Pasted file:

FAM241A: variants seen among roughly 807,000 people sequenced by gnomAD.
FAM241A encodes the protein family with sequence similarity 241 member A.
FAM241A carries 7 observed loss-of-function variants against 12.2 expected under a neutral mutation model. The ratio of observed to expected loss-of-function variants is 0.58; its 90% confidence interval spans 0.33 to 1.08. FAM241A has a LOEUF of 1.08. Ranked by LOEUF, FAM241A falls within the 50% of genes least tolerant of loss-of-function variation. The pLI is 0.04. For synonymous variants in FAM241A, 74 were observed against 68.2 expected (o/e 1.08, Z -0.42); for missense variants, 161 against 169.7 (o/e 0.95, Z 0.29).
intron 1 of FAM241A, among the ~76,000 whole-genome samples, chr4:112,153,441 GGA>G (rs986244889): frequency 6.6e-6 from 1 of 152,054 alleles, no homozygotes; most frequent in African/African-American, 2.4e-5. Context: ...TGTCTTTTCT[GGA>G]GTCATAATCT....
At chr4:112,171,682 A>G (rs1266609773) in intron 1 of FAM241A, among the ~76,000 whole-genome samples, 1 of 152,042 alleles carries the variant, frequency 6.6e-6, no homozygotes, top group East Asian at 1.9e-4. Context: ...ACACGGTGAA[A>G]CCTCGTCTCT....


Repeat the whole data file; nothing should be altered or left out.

FAM241A: variants seen among roughly 807,000 people sequenced by gnomAD.
FAM241A encodes the protein family with sequence similarity 241 member A.
FAM241A carries 7 observed loss-of-function variants against 12.2 expected under a neutral mutation model. The ratio of observed to expected loss-of-function variants is 0.58; its 90% confidence interval spans 0.33 to 1.08. FAM241A has a LOEUF of 1.08. Ranked by LOEUF, FAM241A falls within the 50% of genes least tolerant of loss-of-function variation. The pLI is 0.04. For synonymous variants in FAM241A, 74 were observed against 68.2 expected (o/e 1.08, Z -0.42); for missense variants, 161 against 169.7 (o/e 0.95, Z 0.29).
intron 1 of FAM241A, among the ~76,000 whole-genome samples, chr4:112,153,441 GGA>G (rs986244889): frequency 6.6e-6 from 1 of 152,054 alleles, no homozygotes; most frequent in African/African-American, 2.4e-5. Context: ...TGTCTTTTCT[GGA>G]GTCATAATCT....
At chr4:112,171,682 A>G (rs1266609773) in intron 1 of FAM241A, among the ~76,000 whole-genome samples, 1 of 152,042 alleles carries the variant, frequency 6.6e-6, no homozygotes, top group East Asian at 1.9e-4. Context: ...ACACGGTGAA[A>G]CCTCGTCTCT....